(Taken from Martyrs Mirror, p. 560)

In the summer of 1556 there was in the city of Nimeguen, a faithful brother, named Gerrit Hasepoot, a tailor by trade. Having fled from the city, on account of severe persecution, he secretly returned, since his wife and children were still living there. He was seen by the bailiff’s guard, who reported it to their master. The bailiff, a very blood-thirsty man, immediately went after him, and took him with him. Thus this friend of Christ had to separate from his wife and children, and go into prison, tribulation and misery, for the name of Jesus. When very severely examined by the lords of this world, he freely confessed his faith, and was not ashamed of the truth. Rom. 1:16. He was therefore sentenced to death by them, that is, to be burnt at the stake, which sentence he received very bravely. This having taken place, his wife came to him, into the city hall, to speak with him once more, and to take leave and bid her dear husband farewell. She had in her arm an infant, which she could scarcely hold, because of her great grief. When wine was poured out to him, as is customary to do to those sentenced to death (Prov. 31:6), he said to his wife: “I have no desire for this wine; but I hope to drink the new wine, which will be given to me above in the kingdom of my Father.” Thus the two separated with great grief, and bade each other adieu in this world; for the woman could hardly stand on her feet any longer, but seemed to fall into a swoon through grief. When he was led to death, and having been brought from the wagon upon the scaffold, he lifted up his voice, and sang the hymn:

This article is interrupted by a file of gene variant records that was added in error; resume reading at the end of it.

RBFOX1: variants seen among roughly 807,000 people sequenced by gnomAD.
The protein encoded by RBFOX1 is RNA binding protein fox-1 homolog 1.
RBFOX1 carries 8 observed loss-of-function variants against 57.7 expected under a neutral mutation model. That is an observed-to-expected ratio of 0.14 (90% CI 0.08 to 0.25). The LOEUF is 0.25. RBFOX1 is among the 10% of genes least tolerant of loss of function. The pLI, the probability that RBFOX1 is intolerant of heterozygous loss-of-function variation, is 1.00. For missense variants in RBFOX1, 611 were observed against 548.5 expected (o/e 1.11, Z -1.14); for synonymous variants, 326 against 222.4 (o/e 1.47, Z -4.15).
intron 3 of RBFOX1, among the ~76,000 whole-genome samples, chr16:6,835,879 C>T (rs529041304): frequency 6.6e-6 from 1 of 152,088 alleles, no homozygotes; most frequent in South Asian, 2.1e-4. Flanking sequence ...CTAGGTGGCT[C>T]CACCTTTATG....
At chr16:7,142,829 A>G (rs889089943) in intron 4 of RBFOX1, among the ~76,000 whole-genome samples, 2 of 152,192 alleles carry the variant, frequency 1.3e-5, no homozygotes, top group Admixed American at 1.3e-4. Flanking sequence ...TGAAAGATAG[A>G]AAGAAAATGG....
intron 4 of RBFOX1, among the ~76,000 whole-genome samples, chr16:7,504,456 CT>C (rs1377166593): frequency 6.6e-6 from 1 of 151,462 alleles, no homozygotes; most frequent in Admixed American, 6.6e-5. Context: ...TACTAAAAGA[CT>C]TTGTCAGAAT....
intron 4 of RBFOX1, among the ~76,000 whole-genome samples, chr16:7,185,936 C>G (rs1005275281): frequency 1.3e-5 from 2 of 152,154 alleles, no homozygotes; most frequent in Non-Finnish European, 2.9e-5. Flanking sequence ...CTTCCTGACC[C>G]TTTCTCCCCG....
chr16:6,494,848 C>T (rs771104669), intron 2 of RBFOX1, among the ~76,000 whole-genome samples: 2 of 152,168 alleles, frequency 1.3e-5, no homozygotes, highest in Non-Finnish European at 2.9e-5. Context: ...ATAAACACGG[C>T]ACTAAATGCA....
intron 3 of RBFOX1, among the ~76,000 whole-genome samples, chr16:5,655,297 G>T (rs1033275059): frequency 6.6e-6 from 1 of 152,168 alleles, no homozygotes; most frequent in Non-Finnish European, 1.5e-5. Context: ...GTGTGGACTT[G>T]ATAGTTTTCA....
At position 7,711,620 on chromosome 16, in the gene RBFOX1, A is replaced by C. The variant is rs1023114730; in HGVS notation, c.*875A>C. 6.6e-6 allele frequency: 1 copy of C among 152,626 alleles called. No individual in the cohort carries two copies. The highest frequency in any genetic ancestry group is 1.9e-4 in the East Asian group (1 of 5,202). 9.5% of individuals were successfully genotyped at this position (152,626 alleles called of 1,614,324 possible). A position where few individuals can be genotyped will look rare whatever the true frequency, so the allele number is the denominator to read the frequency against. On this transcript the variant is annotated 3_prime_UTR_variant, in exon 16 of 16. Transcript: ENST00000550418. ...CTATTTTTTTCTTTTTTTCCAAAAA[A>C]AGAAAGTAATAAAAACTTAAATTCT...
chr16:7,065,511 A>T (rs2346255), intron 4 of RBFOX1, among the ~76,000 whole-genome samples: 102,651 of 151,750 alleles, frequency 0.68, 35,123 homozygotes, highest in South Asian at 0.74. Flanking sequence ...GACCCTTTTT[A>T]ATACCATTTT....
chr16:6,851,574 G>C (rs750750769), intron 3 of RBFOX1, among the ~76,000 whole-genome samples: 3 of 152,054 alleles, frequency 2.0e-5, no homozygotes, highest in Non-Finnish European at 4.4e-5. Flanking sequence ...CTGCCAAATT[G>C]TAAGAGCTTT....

“Father in heaven, I call:
Oh, strengthen now my faith.”

Thereupon he fell upon his knees, and fervently prayed to God. Having been placed at the stake, he kicked his slippers from his feet, saying: “It were a pity to burn them for they can be of service still to some poor person.” The rope with which he was to be strangled, becoming a little loose, having not been twisted well by the executioner, he again lifted up his voice, and sang the end of said hymn:

“Brethren, sisters, all, good-bye!
We now must separate,
Till we meet beyond the sky,
With Christ our only Head:
For this yourselves prepare,
And I’ll await you there.”

The executioner again twisting the rope, this witness of Jesus fell asleep in the Lord and was burnt, voluntarily surrendering for the truth, his perishable body, which he had received from God, and thus fought the fight, finished his course, and kept the faith, and there is now laid up for him the crown of eternal glory.

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